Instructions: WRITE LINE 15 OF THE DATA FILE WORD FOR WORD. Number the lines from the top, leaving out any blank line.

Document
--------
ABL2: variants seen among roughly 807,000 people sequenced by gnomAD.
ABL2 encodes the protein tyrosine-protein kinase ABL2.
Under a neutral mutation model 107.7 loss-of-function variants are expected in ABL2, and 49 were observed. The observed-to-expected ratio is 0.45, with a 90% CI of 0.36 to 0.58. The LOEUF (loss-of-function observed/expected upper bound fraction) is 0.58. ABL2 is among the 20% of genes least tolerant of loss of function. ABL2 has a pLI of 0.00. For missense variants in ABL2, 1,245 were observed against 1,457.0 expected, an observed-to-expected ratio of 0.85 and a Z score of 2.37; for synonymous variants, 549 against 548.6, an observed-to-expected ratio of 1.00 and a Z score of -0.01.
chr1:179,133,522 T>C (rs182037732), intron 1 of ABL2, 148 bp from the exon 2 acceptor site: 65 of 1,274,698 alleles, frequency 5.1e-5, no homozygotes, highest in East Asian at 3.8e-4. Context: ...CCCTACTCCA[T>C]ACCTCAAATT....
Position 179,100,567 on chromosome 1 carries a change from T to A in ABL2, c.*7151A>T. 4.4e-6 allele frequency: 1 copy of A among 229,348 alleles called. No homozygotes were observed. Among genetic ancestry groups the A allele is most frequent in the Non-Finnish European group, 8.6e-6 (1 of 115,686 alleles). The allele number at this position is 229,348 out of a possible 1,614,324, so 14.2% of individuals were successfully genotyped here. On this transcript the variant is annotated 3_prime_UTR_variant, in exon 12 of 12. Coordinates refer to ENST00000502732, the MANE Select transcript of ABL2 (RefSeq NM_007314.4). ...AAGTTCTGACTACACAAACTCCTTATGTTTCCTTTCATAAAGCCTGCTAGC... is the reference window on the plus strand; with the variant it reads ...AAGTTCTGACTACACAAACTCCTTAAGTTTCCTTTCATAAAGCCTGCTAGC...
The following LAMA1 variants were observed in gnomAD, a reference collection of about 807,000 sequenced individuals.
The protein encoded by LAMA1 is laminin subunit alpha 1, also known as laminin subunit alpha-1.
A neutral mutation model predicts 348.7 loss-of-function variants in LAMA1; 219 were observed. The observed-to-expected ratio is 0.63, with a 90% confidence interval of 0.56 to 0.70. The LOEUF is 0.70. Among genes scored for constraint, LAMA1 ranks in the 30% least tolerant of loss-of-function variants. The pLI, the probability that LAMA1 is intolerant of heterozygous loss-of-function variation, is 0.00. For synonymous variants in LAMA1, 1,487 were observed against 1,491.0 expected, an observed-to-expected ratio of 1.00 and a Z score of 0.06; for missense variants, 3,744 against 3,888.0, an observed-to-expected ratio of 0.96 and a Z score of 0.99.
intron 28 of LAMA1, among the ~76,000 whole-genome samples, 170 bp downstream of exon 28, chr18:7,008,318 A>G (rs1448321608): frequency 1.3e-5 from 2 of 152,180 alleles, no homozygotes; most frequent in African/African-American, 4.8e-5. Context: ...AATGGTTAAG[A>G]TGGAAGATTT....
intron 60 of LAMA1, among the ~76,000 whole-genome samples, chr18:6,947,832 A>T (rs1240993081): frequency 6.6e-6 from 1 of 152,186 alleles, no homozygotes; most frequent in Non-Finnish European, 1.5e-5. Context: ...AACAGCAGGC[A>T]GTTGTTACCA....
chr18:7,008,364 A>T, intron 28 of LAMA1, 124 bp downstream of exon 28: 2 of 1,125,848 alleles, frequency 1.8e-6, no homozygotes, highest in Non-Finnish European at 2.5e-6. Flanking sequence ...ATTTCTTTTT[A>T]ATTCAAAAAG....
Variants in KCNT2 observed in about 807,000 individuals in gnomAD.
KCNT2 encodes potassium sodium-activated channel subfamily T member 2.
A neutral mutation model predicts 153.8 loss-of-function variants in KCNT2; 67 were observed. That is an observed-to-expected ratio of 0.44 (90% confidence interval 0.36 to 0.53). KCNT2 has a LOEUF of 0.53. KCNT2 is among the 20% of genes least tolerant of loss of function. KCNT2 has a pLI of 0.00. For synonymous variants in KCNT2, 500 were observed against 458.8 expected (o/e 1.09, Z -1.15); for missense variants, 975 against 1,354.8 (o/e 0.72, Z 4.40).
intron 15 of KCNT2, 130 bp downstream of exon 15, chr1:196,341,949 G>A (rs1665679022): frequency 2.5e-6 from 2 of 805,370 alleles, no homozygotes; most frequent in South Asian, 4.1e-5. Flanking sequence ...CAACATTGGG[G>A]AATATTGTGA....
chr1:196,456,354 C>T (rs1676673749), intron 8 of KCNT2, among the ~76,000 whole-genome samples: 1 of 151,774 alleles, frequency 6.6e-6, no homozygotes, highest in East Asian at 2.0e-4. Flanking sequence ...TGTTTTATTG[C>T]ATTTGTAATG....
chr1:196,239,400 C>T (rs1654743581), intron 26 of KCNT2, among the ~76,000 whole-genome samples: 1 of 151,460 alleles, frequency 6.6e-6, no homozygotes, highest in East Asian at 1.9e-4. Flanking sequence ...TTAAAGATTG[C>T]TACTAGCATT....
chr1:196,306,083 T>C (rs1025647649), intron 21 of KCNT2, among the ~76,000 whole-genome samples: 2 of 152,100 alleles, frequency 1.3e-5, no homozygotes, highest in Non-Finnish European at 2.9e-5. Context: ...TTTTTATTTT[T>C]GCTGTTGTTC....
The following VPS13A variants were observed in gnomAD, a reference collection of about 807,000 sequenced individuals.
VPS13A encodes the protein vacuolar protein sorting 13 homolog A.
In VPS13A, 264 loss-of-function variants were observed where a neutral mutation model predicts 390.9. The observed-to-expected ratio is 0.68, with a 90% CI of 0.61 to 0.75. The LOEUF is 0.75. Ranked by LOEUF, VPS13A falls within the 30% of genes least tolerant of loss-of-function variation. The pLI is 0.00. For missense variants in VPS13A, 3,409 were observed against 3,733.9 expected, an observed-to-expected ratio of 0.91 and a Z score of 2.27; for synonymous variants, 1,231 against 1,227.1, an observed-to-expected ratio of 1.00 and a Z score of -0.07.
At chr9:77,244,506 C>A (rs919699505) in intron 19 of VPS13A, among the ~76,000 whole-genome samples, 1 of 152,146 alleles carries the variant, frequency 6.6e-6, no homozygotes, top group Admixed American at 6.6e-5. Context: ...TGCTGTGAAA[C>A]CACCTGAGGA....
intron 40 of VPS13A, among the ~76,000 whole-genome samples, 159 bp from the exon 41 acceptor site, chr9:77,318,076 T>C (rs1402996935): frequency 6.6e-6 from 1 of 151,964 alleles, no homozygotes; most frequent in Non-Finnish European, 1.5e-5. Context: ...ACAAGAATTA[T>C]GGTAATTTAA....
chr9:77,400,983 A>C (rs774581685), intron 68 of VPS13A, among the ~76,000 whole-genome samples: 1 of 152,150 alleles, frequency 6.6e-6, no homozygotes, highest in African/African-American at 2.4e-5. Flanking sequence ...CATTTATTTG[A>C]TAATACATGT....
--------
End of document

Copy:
intron 15 of KCNT2, 130 bp downstream of exon 15, chr1:196,341,949 G>A (rs1665679022): frequency 2.5e-6 from 2 of 805,370 alleles, no homozygotes; most frequent in South Asian, 4.1e-5. Flanking sequence ...CAACATTGGG[G>A]AATATTGTGA....